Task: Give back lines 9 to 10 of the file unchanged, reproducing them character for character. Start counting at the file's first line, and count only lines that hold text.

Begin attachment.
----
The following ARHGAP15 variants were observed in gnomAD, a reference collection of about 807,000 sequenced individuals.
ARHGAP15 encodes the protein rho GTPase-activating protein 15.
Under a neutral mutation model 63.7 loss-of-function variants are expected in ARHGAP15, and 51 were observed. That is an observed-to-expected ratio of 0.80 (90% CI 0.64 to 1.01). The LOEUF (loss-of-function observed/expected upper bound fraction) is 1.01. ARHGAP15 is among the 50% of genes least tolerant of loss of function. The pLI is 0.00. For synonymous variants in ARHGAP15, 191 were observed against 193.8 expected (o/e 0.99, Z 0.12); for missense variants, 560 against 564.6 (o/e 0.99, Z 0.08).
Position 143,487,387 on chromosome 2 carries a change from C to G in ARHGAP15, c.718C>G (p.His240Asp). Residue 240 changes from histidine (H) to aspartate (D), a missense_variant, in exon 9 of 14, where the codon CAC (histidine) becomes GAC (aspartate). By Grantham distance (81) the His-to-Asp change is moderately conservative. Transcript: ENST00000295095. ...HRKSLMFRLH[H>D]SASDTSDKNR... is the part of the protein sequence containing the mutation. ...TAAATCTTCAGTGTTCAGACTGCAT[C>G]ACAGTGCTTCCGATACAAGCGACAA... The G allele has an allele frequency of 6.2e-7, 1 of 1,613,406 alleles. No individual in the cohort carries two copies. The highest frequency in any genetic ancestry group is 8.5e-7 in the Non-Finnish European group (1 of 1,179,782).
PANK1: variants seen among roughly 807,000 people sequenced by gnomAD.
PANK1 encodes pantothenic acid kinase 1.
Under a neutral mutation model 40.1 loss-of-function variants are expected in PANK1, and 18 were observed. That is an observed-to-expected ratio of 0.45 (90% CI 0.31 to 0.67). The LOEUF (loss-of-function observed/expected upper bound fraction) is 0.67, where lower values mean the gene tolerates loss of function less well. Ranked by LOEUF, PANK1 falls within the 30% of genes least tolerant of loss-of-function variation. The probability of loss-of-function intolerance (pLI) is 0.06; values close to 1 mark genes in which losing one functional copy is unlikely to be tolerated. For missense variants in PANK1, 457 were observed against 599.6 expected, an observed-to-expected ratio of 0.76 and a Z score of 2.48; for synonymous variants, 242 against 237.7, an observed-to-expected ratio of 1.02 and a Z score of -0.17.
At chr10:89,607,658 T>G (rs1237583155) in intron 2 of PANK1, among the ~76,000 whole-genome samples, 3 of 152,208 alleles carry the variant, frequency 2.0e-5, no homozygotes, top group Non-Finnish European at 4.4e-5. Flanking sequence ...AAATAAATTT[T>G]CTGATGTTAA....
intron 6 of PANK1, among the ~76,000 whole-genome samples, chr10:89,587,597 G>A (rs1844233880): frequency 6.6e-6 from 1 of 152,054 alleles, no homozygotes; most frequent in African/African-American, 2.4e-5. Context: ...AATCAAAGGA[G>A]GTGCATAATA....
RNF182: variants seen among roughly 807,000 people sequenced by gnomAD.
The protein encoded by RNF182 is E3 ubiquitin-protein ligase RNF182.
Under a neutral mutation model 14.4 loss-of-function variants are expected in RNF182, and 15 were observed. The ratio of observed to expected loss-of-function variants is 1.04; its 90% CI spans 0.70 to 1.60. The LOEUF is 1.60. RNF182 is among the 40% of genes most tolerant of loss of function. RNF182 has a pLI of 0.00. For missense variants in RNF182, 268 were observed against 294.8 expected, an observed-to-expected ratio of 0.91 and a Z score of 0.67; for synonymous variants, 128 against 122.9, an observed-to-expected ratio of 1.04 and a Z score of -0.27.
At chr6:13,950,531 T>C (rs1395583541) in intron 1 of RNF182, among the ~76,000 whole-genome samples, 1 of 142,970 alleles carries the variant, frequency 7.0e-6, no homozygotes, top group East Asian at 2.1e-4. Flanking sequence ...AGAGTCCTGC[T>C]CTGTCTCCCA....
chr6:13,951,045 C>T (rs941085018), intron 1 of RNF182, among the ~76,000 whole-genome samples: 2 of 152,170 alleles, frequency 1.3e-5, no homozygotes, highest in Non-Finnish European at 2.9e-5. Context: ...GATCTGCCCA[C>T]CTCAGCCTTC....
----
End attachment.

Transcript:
intron 6 of PANK1, among the ~76,000 whole-genome samples, chr10:89,587,597 G>A (rs1844233880): frequency 6.6e-6 from 1 of 152,054 alleles, no homozygotes; most frequent in African/African-American, 2.4e-5. Context: ...AATCAAAGGA[G>A]GTGCATAATA....
RNF182: variants seen among roughly 807,000 people sequenced by gnomAD.